Answering Common Borrower Questions: “What’s a Cash-Out Refinance?”

wemlocustomer satisfaction, customer service

Two women are mid-discussion and sitting at a table.

Because your work doesn’t necessarily end on closing day.

As a mortgage loan originator (MLO), you’re likely talking with borrowers about building home equity on a regular basis. But what about when it comes time to tap into those funds? Educating, empowering, and assisting borrowers throughout their homeownership journey is a key part of your job, which doesn’t always end on closing day. That’s why, eventually, you might find yourself explaining the cash-out refinance.


If you’ve heard your fair share of questions like:


“How can I best tap into my home equity?”


“What exactly is a cash-out refinance?”


“I could get how much?”


… Then this guide is for you. Particularly if you’re looking to increase business.


Think about it: Do you have previous clients with substantial home equity? You could reach back out about a potential cash-out refinance, bring them in to discuss options, and you might just get a client for life.


So, let’s dive into some of the most common borrower questions surrounding the cash-out refinance and their comprehensive answers:

“What is a Cash-Out Refinance?”

You’re probably quite familiar with the basics of a cash-out refinance already, but many borrowers might be clueless. Explain that a cash-out refinance refers to the act of reconfiguring a mortgage by taking out a home loan that is larger than the current balance. Essentially, the owner borrows more than they owe to convert a portion of their equity into cash.


Here’s a simple example you can pass along:


Imagine a home worth $300,000 with an existing mortgage balance of $200,000. In a cash-out refinance, the borrower would apply for a new loan that exceeds the $200,000 balance; say, $250,000. If approved, the owner would then receive the extra $50,000 in cash, minus any associated costs or fees.


Do I Qualify for a Cash-Out Refinance?”

Your borrowers may be eager to determine whether they qualify. Be sure to explain that each lender has different requirements and cover typical sticking points, which include:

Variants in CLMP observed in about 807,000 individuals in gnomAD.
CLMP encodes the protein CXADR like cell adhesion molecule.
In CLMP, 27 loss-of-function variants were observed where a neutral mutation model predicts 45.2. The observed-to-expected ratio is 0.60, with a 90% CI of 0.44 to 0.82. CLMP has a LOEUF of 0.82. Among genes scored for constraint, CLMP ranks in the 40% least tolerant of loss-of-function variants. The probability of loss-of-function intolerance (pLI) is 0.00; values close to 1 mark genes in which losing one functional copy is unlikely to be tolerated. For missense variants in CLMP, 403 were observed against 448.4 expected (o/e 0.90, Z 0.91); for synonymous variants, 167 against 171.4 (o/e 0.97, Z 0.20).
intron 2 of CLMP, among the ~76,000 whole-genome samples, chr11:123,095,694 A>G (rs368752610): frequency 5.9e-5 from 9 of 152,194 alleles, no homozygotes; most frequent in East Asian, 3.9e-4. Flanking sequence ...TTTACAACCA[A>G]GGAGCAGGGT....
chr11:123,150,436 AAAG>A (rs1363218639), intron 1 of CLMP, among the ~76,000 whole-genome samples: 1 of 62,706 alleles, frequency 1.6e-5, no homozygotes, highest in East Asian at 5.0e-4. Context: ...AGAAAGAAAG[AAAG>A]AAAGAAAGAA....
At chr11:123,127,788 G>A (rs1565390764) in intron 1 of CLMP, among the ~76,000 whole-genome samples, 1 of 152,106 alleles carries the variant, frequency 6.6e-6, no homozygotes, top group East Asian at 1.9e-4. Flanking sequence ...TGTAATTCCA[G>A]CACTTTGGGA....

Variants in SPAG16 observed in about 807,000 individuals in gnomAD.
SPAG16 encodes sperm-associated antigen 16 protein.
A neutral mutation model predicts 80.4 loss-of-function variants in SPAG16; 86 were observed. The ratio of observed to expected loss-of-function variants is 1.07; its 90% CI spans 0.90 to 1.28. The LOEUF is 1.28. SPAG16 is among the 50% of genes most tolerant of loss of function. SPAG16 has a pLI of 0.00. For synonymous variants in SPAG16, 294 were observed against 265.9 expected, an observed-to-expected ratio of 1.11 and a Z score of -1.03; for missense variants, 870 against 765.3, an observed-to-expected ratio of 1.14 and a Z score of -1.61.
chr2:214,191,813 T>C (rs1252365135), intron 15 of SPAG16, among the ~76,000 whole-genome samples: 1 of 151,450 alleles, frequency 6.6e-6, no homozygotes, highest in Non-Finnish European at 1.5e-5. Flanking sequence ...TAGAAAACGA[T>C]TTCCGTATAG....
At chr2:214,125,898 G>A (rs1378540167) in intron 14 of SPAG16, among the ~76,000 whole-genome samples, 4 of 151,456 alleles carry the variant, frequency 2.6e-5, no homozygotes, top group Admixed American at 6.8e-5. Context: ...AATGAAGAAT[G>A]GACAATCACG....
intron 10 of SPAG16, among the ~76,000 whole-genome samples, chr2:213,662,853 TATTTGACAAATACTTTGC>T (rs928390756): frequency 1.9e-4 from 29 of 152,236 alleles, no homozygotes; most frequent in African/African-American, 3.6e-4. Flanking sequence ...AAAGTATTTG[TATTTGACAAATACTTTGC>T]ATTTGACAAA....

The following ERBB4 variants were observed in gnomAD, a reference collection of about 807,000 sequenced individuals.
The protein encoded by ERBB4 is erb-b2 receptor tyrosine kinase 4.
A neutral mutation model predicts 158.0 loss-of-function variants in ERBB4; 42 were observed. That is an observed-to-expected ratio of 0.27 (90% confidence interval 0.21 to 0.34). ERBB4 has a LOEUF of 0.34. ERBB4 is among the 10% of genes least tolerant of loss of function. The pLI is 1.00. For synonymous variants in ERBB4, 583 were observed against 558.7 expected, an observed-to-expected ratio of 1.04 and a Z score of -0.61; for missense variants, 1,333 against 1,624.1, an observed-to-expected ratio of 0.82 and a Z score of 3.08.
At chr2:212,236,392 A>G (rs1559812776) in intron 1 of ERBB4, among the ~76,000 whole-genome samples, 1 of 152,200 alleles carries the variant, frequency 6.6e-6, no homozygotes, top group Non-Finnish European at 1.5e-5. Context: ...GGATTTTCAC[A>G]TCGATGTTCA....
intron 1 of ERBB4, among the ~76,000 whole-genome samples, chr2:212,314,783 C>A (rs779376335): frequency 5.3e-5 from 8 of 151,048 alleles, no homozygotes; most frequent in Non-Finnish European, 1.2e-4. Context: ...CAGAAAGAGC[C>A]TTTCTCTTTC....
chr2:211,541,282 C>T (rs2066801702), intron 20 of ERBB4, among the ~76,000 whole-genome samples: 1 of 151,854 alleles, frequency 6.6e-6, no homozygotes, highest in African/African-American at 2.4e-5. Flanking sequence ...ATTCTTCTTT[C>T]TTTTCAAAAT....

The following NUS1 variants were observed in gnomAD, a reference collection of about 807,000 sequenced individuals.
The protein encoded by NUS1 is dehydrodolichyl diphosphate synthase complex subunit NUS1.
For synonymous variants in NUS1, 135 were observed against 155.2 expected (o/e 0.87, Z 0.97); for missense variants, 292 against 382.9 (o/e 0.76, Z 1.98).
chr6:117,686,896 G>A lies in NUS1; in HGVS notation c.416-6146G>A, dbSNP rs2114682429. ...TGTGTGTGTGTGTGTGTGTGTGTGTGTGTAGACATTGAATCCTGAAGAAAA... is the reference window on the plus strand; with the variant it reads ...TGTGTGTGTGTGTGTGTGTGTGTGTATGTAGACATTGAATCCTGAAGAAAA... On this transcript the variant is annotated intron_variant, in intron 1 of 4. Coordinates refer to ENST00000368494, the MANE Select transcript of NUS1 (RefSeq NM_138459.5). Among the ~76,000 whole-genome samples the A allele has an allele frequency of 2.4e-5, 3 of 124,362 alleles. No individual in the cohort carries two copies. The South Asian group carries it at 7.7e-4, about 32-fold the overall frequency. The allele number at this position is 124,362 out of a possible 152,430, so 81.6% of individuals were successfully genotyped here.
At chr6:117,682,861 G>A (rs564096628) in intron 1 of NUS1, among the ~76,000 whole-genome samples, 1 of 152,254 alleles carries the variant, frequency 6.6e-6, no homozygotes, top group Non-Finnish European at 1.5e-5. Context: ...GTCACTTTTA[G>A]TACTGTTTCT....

1. Sufficient home equity. The exact amount of required equity varies by lender, but 20% might be a good number to shoot for.


  1. Decent credit. Higher credit means less risk for lenders. This might lead to better approval odds, more favorable terms, etc.


  1. A relatively low debt-to-income ratio (DTI). Help borrowers compare monthly debt payments to gross monthly income and, if necessary, work to lower their DTI before applying. Explain how a low DTI can demonstrate the ability to take on additional debt.


  1. Favorable financial history. Income, payment history, employment history, and more will also be considered.


Clarify that the weight placed on each factor will likely vary depending on the lender. Borrowers may need to explore a few different providers to find the one that fits. With your help, of course!

“How Much Can I Get from a Cash-Out Refinance?”

The exact amount a borrower might be approved for will depend on a few different factors, including their home’s appraised value, their choice of lender, and more.


Do your due diligence when shopping around and bring the borrower a few different options. Make sure to explain the benefits that usually come with each type of loan, whether that’s more cash on hand, a lower interest rate, or some other perk. Clarifying the many factors that go into determining just how much they could get from a cash-out refinance is critical in building financial education and developing trust.